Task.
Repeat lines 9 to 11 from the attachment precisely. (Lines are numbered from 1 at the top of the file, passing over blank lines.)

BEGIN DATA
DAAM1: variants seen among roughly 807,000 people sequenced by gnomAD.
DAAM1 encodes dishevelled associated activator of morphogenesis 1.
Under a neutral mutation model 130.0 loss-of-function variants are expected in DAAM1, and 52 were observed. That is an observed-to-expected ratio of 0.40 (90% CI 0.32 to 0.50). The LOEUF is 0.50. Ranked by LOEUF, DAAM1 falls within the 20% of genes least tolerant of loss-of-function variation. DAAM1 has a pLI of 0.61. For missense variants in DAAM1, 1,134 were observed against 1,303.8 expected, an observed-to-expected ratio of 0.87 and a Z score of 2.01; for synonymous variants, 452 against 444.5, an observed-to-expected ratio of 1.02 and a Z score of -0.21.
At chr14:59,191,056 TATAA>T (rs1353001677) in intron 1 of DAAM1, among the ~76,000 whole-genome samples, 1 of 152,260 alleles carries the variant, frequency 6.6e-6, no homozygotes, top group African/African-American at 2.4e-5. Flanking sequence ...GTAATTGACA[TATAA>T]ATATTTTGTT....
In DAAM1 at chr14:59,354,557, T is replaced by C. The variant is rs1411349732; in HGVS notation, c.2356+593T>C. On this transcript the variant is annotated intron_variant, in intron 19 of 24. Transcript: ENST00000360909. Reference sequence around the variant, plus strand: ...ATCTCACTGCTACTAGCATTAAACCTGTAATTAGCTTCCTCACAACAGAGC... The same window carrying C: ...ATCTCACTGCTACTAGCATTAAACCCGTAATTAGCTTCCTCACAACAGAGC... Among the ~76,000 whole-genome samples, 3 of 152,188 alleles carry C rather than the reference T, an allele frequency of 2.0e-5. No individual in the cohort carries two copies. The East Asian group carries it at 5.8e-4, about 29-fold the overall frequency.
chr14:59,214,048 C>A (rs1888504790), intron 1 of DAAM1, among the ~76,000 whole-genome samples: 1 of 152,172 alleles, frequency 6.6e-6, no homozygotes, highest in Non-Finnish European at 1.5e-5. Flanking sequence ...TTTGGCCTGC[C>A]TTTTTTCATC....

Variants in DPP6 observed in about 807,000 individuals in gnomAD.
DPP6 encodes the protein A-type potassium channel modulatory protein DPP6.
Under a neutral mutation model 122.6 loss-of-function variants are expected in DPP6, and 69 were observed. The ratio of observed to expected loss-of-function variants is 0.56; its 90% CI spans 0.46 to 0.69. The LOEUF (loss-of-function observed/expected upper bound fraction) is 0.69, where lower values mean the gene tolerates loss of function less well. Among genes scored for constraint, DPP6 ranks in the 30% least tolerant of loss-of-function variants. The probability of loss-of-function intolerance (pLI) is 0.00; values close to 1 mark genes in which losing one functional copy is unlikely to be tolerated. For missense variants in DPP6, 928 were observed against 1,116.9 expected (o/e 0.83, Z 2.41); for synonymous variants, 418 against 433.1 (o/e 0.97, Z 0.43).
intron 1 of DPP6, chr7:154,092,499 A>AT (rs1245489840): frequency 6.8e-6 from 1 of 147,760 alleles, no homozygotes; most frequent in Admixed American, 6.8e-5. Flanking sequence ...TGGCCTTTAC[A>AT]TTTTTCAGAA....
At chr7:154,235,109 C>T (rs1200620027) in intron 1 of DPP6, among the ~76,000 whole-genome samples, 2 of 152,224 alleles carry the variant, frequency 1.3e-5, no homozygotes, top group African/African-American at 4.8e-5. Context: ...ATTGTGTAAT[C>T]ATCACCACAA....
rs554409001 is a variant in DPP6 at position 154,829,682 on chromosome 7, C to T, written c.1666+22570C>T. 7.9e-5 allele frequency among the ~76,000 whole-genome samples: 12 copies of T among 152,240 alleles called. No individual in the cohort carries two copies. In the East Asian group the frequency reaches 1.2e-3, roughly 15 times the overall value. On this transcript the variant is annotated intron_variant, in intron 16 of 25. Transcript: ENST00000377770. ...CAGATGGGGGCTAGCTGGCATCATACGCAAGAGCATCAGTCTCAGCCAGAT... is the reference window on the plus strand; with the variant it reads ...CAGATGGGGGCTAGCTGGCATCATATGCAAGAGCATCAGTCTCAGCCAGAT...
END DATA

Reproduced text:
Under a neutral mutation model 122.6 loss-of-function variants are expected in DPP6, and 69 were observed. The ratio of observed to expected loss-of-function variants is 0.56; its 90% CI spans 0.46 to 0.69. The LOEUF (loss-of-function observed/expected upper bound fraction) is 0.69, where lower values mean the gene tolerates loss of function less well. Among genes scored for constraint, DPP6 ranks in the 30% least tolerant of loss-of-function variants. The probability of loss-of-function intolerance (pLI) is 0.00; values close to 1 mark genes in which losing one functional copy is unlikely to be tolerated. For missense variants in DPP6, 928 were observed against 1,116.9 expected (o/e 0.83, Z 2.41); for synonymous variants, 418 against 433.1 (o/e 0.97, Z 0.43).
intron 1 of DPP6, chr7:154,092,499 A>AT (rs1245489840): frequency 6.8e-6 from 1 of 147,760 alleles, no homozygotes; most frequent in Admixed American, 6.8e-5. Flanking sequence ...TGGCCTTTAC[A>AT]TTTTTCAGAA....
At chr7:154,235,109 C>T (rs1200620027) in intron 1 of DPP6, among the ~76,000 whole-genome samples, 2 of 152,224 alleles carry the variant, frequency 1.3e-5, no homozygotes, top group African/African-American at 4.8e-5. Context: ...ATTGTGTAAT[C>T]ATCACCACAA....